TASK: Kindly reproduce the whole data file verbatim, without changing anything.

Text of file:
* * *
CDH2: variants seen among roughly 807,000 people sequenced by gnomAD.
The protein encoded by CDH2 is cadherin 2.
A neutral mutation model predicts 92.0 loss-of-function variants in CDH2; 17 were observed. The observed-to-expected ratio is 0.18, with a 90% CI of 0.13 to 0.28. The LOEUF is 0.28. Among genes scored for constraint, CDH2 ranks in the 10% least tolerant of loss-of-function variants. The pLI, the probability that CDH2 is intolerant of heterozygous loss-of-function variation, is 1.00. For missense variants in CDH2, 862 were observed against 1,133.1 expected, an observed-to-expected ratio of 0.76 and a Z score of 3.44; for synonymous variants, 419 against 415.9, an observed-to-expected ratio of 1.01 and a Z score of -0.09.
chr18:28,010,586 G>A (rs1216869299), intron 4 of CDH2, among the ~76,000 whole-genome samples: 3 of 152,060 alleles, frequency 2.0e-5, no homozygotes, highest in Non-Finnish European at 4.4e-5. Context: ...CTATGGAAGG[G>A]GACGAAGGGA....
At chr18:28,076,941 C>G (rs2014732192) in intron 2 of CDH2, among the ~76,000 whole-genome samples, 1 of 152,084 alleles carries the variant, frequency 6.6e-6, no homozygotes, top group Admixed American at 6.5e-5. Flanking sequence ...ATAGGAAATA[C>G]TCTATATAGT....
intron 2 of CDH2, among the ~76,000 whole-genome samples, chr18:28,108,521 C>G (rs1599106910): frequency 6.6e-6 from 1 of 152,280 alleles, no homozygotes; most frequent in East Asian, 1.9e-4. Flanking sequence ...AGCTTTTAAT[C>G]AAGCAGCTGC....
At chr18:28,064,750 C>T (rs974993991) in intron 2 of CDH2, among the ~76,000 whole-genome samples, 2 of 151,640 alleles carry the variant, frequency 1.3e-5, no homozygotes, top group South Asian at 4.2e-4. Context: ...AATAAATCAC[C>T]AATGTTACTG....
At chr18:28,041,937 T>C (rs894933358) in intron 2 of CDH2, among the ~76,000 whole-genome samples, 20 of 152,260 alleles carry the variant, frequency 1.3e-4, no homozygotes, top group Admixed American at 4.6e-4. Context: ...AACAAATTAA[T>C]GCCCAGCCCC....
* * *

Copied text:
CDH2: variants seen among roughly 807,000 people sequenced by gnomAD.
The protein encoded by CDH2 is cadherin 2.
A neutral mutation model predicts 92.0 loss-of-function variants in CDH2; 17 were observed. The observed-to-expected ratio is 0.18, with a 90% CI of 0.13 to 0.28. The LOEUF is 0.28. Among genes scored for constraint, CDH2 ranks in the 10% least tolerant of loss-of-function variants. The pLI, the probability that CDH2 is intolerant of heterozygous loss-of-function variation, is 1.00. For missense variants in CDH2, 862 were observed against 1,133.1 expected, an observed-to-expected ratio of 0.76 and a Z score of 3.44; for synonymous variants, 419 against 415.9, an observed-to-expected ratio of 1.01 and a Z score of -0.09.
chr18:28,010,586 G>A (rs1216869299), intron 4 of CDH2, among the ~76,000 whole-genome samples: 3 of 152,060 alleles, frequency 2.0e-5, no homozygotes, highest in Non-Finnish European at 4.4e-5. Context: ...CTATGGAAGG[G>A]GACGAAGGGA....
At chr18:28,076,941 C>G (rs2014732192) in intron 2 of CDH2, among the ~76,000 whole-genome samples, 1 of 152,084 alleles carries the variant, frequency 6.6e-6, no homozygotes, top group Admixed American at 6.5e-5. Flanking sequence ...ATAGGAAATA[C>G]TCTATATAGT....
intron 2 of CDH2, among the ~76,000 whole-genome samples, chr18:28,108,521 C>G (rs1599106910): frequency 6.6e-6 from 1 of 152,280 alleles, no homozygotes; most frequent in East Asian, 1.9e-4. Flanking sequence ...AGCTTTTAAT[C>G]AAGCAGCTGC....
At chr18:28,064,750 C>T (rs974993991) in intron 2 of CDH2, among the ~76,000 whole-genome samples, 2 of 151,640 alleles carry the variant, frequency 1.3e-5, no homozygotes, top group South Asian at 4.2e-4. Context: ...AATAAATCAC[C>T]AATGTTACTG....
At chr18:28,041,937 T>C (rs894933358) in intron 2 of CDH2, among the ~76,000 whole-genome samples, 20 of 152,260 alleles carry the variant, frequency 1.3e-4, no homozygotes, top group Admixed American at 4.6e-4. Context: ...AACAAATTAA[T>C]GCCCAGCCCC....